De Nora announces its latest approval from the Desalination Technology Research Institute (DTRI), a division of Saudi Arabia’s Saline Water Conversion Corporation (SWCC), for its vacuum-based Capital Controls Chlorine Dioxide Generators. Testing by DTRI as part of the certification process consistently demonstrated a yield of from 95 to 97 percent, a ratio, which represents high efficiency production of chlorine dioxide.
This is the second approval of De Nora chlorine dioxide generation technology by DTRI. In September 2019, the patented underwater technology by De Nora ISIA was also approved with a yield of up to 98% following the same process. The combination of advanced safety features of both vacuum and underwater designs with validated high yield enables De Nora to support customers as they seek the safest and most efficient solutions to meet modern treatment needs.
“We are honored to receive this award from the renowned SWCC DTRI laboratory,” said De Nora Water Technologies CEO Dr. Mirka Wilderer. “Since bringing ISIA under the De Nora umbrella of Capital Controls disinfection
De Nora vacuum chlorine dioxide generators currently range in capacity from .5 kilograms per hour to 20 kilograms, as well as offering a mobile 20-foot container. De Nora Capital Controls Chlorine Dioxide Generators’ key advantage is its high efficiency rating. By operating at a 97 percent yield, De Nora systems require less chemicals, saving customers money and water without sacrificing effectiveness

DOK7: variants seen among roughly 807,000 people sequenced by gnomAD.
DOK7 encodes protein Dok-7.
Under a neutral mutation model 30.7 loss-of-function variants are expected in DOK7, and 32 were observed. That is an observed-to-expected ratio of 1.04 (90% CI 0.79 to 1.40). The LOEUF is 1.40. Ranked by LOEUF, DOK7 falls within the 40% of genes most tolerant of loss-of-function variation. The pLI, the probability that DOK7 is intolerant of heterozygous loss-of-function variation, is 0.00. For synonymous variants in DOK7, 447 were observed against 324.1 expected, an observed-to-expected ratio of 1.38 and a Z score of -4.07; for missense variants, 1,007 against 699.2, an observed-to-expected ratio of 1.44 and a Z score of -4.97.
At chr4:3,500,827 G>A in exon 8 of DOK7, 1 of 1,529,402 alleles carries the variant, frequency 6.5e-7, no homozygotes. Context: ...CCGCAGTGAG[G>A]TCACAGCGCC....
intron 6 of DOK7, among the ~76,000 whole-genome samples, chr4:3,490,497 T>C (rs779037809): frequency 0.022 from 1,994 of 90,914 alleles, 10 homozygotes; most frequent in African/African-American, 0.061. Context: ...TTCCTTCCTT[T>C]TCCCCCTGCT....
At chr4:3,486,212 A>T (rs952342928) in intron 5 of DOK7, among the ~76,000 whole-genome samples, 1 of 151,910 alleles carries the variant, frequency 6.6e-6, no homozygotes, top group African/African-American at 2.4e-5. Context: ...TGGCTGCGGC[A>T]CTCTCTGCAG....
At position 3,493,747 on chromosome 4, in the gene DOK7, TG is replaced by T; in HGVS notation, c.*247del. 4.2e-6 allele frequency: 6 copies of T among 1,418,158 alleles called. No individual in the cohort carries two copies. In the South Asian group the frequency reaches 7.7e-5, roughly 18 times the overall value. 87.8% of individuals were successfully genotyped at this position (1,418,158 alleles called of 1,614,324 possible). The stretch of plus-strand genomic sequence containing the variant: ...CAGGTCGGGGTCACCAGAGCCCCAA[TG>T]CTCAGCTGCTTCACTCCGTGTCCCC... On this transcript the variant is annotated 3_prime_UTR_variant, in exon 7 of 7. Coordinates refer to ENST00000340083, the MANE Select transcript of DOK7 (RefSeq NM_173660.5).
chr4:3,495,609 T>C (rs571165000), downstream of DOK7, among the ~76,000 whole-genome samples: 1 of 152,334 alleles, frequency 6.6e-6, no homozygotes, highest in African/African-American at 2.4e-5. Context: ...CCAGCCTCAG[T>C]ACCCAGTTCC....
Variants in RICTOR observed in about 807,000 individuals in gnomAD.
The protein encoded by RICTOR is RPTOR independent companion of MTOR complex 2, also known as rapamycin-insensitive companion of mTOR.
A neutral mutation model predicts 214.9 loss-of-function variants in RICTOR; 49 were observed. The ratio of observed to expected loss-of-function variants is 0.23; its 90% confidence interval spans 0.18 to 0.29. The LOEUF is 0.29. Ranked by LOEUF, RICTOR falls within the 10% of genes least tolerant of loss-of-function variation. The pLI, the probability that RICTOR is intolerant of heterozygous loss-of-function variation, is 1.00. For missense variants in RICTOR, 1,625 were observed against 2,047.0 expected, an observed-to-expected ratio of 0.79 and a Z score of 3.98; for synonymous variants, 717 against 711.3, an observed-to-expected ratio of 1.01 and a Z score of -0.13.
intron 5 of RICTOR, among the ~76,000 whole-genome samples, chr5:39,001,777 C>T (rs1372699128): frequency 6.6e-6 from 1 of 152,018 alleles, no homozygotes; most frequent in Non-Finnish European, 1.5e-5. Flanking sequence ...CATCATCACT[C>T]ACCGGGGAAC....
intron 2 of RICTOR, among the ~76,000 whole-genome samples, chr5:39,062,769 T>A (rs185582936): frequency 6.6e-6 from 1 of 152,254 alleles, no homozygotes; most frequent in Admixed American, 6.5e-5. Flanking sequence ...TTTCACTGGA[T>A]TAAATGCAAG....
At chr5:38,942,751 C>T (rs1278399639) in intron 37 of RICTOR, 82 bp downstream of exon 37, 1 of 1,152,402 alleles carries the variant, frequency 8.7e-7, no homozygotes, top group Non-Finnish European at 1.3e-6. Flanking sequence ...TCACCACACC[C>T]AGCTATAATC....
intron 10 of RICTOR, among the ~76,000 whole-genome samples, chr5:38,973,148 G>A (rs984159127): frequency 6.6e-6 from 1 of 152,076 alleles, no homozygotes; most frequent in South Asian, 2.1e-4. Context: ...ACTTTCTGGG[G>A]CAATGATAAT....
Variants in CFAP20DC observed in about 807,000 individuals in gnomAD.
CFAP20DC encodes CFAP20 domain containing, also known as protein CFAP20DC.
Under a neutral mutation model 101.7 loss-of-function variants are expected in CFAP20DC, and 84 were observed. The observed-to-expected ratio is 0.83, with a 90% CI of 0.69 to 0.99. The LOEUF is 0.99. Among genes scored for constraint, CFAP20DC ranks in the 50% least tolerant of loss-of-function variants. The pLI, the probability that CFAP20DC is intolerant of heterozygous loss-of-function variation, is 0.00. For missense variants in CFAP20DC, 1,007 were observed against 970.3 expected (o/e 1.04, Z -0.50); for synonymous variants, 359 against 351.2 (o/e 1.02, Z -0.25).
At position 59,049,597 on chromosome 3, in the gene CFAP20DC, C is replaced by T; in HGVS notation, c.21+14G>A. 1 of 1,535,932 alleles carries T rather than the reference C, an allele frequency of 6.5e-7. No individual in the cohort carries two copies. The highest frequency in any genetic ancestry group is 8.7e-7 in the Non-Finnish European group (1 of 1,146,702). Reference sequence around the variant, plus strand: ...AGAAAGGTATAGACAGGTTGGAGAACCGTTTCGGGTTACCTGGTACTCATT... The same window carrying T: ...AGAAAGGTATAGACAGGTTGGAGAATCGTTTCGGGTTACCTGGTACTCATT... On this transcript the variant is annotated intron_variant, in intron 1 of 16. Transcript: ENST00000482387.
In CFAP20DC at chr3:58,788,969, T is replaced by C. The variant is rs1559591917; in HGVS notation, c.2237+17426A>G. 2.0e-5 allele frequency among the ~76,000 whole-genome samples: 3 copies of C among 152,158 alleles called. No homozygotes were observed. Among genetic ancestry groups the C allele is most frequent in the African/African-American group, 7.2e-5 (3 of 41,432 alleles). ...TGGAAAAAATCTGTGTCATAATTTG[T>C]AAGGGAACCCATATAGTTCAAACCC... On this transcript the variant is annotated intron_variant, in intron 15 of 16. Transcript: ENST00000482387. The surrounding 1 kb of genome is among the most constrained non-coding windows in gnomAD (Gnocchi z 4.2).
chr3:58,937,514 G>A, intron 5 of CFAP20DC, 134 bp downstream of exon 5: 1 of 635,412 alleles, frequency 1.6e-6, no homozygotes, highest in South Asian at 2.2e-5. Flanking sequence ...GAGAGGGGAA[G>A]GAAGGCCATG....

The DTRI approval comes on the heels of several major announcements in the region. De Nora is finalizing a localized office in Saudi Arabia and will also help host the International Specialty Conference on Innovation in Desalination taking place this May. The company is also taking part in the world’s largest green hydrogen production plant being constructed along the shores of the Red Sea, awarded an alkaline water electrolysis contract by Thyssenkrupp Uhde Chlorine Engineers (NUCERA) last December.
“We’ve taken a heightened focus on the Middle East to support local leaders as they navigate the most severe water shortage in recorded history. We hope together with partners throughout the region, our efforts will pave the way for others around the globe also dealing with the effects of climate change. This is only the tip of what we expect to be a much larger iceberg.”